While seated at my desk in Mbabane, Eswatini, next to a window overlooking our backyard, I realize that today is the 50th day of entirely staying and working from home. Looking through my window at the backyard, I feel grateful for this green space. Every day, to refresh myself, I take walks in the yard. I listen to the birds chirping, check on the few tomatoes and herbs growing, inhale the fresh air and watch the branches of trees sway and leaves flutter in the wind; then I return to my desk reinvigorated. This daily routine gives me a deep sense of peace and contentment, and the strength to cope with the isolation due to the COVID-19 crisis. I can testify that nature has healing power and we have a biological connection with nature.

During one of my trips to Glasgow, I talked about “Biophilia” with colleagues. Biophilia is the human desire to commune with nature (a term coined by the Harvard naturalist Dr. Edward O. Wilson). Biophilia explains why nature has a therapeutic effect on us as it is a genetically based human need to be close to nature. It explains why we feel so happy after a hike on a mountain or a walk in a forest or resting by the beach as the ocean waves splash nearby. “Biophilic Design” for cities can help plan the built environment so that we may experience the human benefits of biophilia. But, looking at city designs in some parts of the world, I fear that green and public spaces are getting smaller, due to increasing demand for land and a growing urban population. Yet, there is also a greater realization and awareness and trend to bring the outdoors in. Skylights, indoor plants, furniture and built environments that incorporate plants are becoming popular. I hope the Biophilic design movement continues to grow in influence on city designs, making our cities greener and giving every dweller the benefits that green spaces provide.

This morning, my daughter and I saw a Kingfisher bird in the yard, we stared at it through our window with smiles on our faces, I felt a deep appreciation of nature, a deep sense of “biophilia”. Yes, this green space in our backyard was making the isolation during COVID-19 endurable. Everybody needs this while physical distancing, as green spaces and nature contact could provide positive well-being effects and counteract stress. We have had a lot of online discussions in SFA on how the world could be post COVID-19 and rethinking the “new normal”. Post COVID-19, as the world continues to urbanize, let us not forget our public and green spaces. Let us appreciate these spaces more, preserve them, expand them and try to nurture them, because they do keep us sane during difficult times.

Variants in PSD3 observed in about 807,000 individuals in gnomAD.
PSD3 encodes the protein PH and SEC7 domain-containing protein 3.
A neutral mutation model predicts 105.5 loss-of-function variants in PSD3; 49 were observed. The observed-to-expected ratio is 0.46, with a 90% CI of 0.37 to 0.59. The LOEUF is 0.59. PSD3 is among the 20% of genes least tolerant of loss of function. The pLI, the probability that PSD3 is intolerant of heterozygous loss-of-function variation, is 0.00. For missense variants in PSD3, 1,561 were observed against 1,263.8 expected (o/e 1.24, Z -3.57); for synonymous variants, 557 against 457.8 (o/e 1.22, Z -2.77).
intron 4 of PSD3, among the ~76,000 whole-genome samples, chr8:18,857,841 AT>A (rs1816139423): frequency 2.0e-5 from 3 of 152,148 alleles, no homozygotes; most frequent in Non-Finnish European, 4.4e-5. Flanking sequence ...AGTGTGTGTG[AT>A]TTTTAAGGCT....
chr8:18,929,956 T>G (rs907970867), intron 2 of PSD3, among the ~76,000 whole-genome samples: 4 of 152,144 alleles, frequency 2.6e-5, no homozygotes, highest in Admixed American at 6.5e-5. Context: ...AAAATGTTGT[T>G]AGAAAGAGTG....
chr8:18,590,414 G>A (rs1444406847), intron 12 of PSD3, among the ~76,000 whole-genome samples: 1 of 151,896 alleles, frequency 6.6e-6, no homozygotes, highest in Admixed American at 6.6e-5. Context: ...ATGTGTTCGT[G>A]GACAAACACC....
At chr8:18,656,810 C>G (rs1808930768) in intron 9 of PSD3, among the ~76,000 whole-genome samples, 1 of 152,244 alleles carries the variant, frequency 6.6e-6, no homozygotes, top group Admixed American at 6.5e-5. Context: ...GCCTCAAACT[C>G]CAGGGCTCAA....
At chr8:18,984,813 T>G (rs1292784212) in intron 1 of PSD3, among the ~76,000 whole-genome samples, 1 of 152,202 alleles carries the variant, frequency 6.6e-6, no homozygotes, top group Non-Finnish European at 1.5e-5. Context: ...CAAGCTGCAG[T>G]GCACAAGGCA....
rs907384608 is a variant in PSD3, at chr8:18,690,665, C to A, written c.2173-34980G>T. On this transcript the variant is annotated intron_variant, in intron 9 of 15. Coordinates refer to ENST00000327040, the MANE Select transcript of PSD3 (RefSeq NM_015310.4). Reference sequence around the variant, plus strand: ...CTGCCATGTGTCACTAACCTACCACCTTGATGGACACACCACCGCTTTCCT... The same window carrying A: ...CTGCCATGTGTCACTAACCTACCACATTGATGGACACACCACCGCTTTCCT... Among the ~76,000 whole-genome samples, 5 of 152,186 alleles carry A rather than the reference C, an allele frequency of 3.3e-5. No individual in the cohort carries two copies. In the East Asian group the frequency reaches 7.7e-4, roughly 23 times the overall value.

COVID-19 and being Nimble

By Dr Deepa Pullanikkatil, SFA Co-Director

I have just concluded an hour-long “Zoom” call with colleagues from the University of Glasgow. It was one of several digital meetings we have had these past weeks with members from the Sustainable Futures in Africa (SFA) network. The network has members from UK, Nigeria, Uganda, Malawi and Botswana. The majority of the meetings have been to discuss the way forward, after our symposium (which was to be held in Malawi in mid-March) was postponed due to COVID-19. Today’s call touched upon exploring possibilities of holding digital conferences in the future. We would miss the face to face connection, but there are advantages to digital conferences including the opportunity to open up participation to a larger group and eliminate carbon emissions from the flights needed to hold physical meetings. We realized that some countries may have bandwidth challenges, and poor connectivity issues, while some members may not have good digital devices if they are at home without access to work computers. One thing was clear: as a network, we have to change and change quickly in this transforming situation.

The word that stayed in my mind from the meeting was “nimble”. A nimble person is quick, light, agile in movement or action, clever, and adaptable. In today’s situation, individuals, organizations and countries have to be nimble and here I share some examples. Around the world, companies including information technology companies immediately made “work from home” the norm. Speed and agility were demonstrated by Unilever, which launched initiatives in the US, India, China, UK, Netherlands, Italy and other countries around the world, with teams manufacturing and distributing millions of bars of free soap. Companies active across West Africa are sharing information and coordinating their responses through the West Africa Private Sector Coronavirus Platform (WAPSCON19) which is focusing on the livelihoods and health of the wider community as well as keeping employees healthy and safe and businesses running. Singapore received a lot of praise at how nimble they were in their response to COVID-19 with quick action through testing, quarantining, information sharing, and the sanitization of public spaces.  They adopted financial measures such as bringing forth a supplementary solidarity budget to safeguard jobs during the social distancing period.  Similarly, China’s neighbour Vietnam, also received praise for responding to the outbreak early with a risk assessment in January and the proactive National Steering Committee for COVID-19 response and preparedness. There are some examples of how being nimble is proving to be an asset in these times to avoid massive losses.